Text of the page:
chinese new year coming up

its chinese new year next week,  the year of the pig;  check out what events are running because a lot of cities celebrate the new year in their china towns. did you know that pigs are diligent, compassionate, and generous. they have great concentration: once they set a goal, they will devote all their energy to achieving it.  my son alfie falls into this year, just by one day!  so this year should be his year…..

i know that some of you have followed my blog for quite a while, its now 9 years old, but as life is constantly changing, then so does the information that i have given you;  sometimes i re blog a blog either to update the info or just to remind myself – so forgive me if i sometimes sound repetitive. i am constantly asked about dim sum restaurants and where i like to go with the family – so here is my list.

there are so many mediocre and over priced restaurants that it can put you off eating traditional chinese food.  there are of course the designer ones, hakasan, yuatcha, ping pong and A Wong, all very good quality food, slightly designer chinese food, but all very expensive!  dinner at Hutong in the shard is an experience – its a fabulous view and the food delicious, though very spicy – you can ask for some of the dishes to be made not so hot;  there is definitely a wow factor when you see all the views of london lit up. i know that the viewing platform is higher, but if you are going to pay to just see the view, it may be worth just going for one course or a drink in the bar to experience it. i think that all the restaurants and drinks are pricey in these tall buildings, but you may as well eat and drink than just pay the £25 into the viewing platform.

my kids just love the traditional chinese barbecue roast pork, or char siu and roast duck, which is only sold in the more everyday style restaurants, so we frequent the following restaurants – royal china in baker street (always busy, so be prepared to queue), wing yip in cricklewood, a very big busy and noisy traditional restaurant, great value, and you can then do your food shopping in the vast supermarket adjoined to it, again very busy. imperial china restaurant on lisle street, actually its through a door and courtyard on lisle street, but very good and moderately priced and then there is the good earth in mill hill, which is a smart smaller restaurant, but perfect for taking grandmas to – robert’s mum loved this place and it was close to her house!   we visit the traditional phoenix palace near baker street, its fine, but not as good quality as royal china, but equivalent in price and a good alternative if you hate queuing.  opposite royal china on baker street, there is bright courtyard –  quite up market –  high quality dim sum, similar in price to royal china;  sometimes, we really cant wait in the queue at royal china so have tried this one a couple of times. princess garden of mayfair is very good quality and you can book at lunchtime which is a rarity.  pearl liang in paddington basin is also good quality.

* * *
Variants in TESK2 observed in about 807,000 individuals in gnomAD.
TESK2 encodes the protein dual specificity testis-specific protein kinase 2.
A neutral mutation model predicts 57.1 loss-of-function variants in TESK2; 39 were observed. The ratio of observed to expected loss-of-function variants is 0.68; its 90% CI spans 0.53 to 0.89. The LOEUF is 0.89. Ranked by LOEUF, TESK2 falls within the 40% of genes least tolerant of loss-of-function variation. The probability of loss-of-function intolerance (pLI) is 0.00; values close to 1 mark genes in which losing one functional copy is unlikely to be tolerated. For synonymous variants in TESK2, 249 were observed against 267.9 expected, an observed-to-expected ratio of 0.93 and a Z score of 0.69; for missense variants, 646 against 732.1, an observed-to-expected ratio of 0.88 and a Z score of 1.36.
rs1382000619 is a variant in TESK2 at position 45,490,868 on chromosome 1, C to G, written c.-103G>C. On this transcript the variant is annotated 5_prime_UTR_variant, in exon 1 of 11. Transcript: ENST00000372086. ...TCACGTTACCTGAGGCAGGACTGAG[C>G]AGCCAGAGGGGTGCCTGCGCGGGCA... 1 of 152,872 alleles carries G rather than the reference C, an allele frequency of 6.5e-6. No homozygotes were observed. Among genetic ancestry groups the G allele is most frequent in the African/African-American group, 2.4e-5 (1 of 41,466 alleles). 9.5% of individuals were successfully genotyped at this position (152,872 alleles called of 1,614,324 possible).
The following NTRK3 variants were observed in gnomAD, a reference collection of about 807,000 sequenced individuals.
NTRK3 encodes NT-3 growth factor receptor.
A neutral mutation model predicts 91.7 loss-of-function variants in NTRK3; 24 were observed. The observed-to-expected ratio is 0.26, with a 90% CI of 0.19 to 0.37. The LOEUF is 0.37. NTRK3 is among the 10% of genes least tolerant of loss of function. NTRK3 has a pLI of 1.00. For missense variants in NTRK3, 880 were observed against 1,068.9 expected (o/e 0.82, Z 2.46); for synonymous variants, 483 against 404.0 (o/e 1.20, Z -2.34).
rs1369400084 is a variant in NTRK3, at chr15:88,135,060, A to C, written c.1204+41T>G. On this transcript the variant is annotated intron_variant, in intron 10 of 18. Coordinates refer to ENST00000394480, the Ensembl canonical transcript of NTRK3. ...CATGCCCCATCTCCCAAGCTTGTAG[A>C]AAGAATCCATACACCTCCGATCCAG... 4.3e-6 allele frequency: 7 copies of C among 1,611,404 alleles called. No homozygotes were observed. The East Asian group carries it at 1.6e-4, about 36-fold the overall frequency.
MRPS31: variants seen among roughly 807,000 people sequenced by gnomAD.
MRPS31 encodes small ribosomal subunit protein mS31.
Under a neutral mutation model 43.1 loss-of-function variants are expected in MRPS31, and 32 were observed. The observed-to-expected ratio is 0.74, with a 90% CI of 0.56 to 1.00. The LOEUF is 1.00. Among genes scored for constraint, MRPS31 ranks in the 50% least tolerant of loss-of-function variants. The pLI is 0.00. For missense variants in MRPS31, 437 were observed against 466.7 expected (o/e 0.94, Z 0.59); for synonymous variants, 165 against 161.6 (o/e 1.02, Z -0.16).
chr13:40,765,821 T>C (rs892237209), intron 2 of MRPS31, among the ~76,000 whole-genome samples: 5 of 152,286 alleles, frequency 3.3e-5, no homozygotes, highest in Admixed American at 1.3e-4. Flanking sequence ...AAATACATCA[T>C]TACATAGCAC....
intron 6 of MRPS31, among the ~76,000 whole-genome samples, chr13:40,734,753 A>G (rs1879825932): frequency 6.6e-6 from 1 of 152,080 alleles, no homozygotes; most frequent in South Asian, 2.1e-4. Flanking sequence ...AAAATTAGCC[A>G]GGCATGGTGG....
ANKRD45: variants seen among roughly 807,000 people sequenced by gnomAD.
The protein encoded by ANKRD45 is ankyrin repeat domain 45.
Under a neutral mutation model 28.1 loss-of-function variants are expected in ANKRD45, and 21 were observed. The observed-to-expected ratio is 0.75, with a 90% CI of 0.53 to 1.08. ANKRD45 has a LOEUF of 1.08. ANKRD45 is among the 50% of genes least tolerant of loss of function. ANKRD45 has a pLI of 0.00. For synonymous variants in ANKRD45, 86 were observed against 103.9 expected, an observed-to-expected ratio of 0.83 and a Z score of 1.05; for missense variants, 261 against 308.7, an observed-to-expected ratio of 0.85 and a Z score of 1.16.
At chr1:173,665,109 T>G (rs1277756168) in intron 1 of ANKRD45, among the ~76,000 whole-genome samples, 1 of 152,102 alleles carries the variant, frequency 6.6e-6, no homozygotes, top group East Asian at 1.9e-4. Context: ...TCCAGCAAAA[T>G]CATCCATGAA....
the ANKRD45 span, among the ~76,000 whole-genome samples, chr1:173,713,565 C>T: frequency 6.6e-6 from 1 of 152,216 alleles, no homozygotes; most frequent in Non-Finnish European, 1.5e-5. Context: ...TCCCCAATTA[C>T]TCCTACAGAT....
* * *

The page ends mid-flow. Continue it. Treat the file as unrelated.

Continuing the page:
we visited the newly revamped chinese food centre in Colindale, Bang Bang – this used to be called the oriental plaza and we frequented this place with Robert’s mother many years ago, but sadly closed to redevelop;  now its re opened and its busy, bigger and still self serve, basically one gigantic food court with over 20 different choices of asian food.

we tried a new very different restaurant recently A Wong – we had lunch, which is dim sum, but very designer, but not too expensive.  i was divided in opinion, some were good, some were over thought out, but Robert absolutely loved it!  dinner is a different experience apparently.

I just went to china town and like all cities, things come and go.  You need to check all the links and make sure that they are up to date.   Thats the problem with london, so fast changing,  You can put in Joy King Lau as a good option in chinatown, but  I don’t think it has the trolley dim sum – not sure any of the restaurants offer this, though I have seen some chinese restaurants walk around with a few of the chinese popular dim sum dishes offering them out.   Another one that we go to for dumplings is Dumplings Legend, which has nice freshly made dumplings, with the famous Shanghai soup dumplings, where the soup is in the dumpling!!!    Duck and Rice is more westernised and is leaning towards higher end pub style food, but does give you quite tasty food, but its pricey.